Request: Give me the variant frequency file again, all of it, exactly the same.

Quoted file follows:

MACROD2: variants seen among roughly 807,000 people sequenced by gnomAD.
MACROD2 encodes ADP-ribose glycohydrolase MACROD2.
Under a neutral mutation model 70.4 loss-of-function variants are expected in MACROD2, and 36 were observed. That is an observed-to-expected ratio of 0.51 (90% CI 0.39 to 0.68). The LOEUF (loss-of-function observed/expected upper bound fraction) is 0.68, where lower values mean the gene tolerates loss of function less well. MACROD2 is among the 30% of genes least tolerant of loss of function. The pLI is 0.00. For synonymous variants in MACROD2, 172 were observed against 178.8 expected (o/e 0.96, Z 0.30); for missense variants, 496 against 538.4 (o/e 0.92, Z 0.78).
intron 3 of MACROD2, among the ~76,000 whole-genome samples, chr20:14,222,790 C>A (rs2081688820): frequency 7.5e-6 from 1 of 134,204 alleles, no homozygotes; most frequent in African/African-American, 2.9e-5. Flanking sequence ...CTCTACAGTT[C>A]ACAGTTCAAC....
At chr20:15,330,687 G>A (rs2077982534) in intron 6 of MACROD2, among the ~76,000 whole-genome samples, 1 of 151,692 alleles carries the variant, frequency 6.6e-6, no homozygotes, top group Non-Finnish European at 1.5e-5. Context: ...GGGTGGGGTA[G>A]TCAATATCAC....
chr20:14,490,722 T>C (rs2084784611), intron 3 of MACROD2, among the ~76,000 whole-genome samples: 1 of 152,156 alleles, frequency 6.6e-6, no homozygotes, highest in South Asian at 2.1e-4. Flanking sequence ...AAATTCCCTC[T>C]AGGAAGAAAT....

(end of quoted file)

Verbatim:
MACROD2: variants seen among roughly 807,000 people sequenced by gnomAD.
MACROD2 encodes ADP-ribose glycohydrolase MACROD2.
Under a neutral mutation model 70.4 loss-of-function variants are expected in MACROD2, and 36 were observed. That is an observed-to-expected ratio of 0.51 (90% CI 0.39 to 0.68). The LOEUF (loss-of-function observed/expected upper bound fraction) is 0.68, where lower values mean the gene tolerates loss of function less well. MACROD2 is among the 30% of genes least tolerant of loss of function. The pLI is 0.00. For synonymous variants in MACROD2, 172 were observed against 178.8 expected (o/e 0.96, Z 0.30); for missense variants, 496 against 538.4 (o/e 0.92, Z 0.78).
intron 3 of MACROD2, among the ~76,000 whole-genome samples, chr20:14,222,790 C>A (rs2081688820): frequency 7.5e-6 from 1 of 134,204 alleles, no homozygotes; most frequent in African/African-American, 2.9e-5. Flanking sequence ...CTCTACAGTT[C>A]ACAGTTCAAC....
At chr20:15,330,687 G>A (rs2077982534) in intron 6 of MACROD2, among the ~76,000 whole-genome samples, 1 of 151,692 alleles carries the variant, frequency 6.6e-6, no homozygotes, top group Non-Finnish European at 1.5e-5. Context: ...GGGTGGGGTA[G>A]TCAATATCAC....
chr20:14,490,722 T>C (rs2084784611), intron 3 of MACROD2, among the ~76,000 whole-genome samples: 1 of 152,156 alleles, frequency 6.6e-6, no homozygotes, highest in South Asian at 2.1e-4. Flanking sequence ...AAATTCCCTC[T>C]AGGAAGAAAT....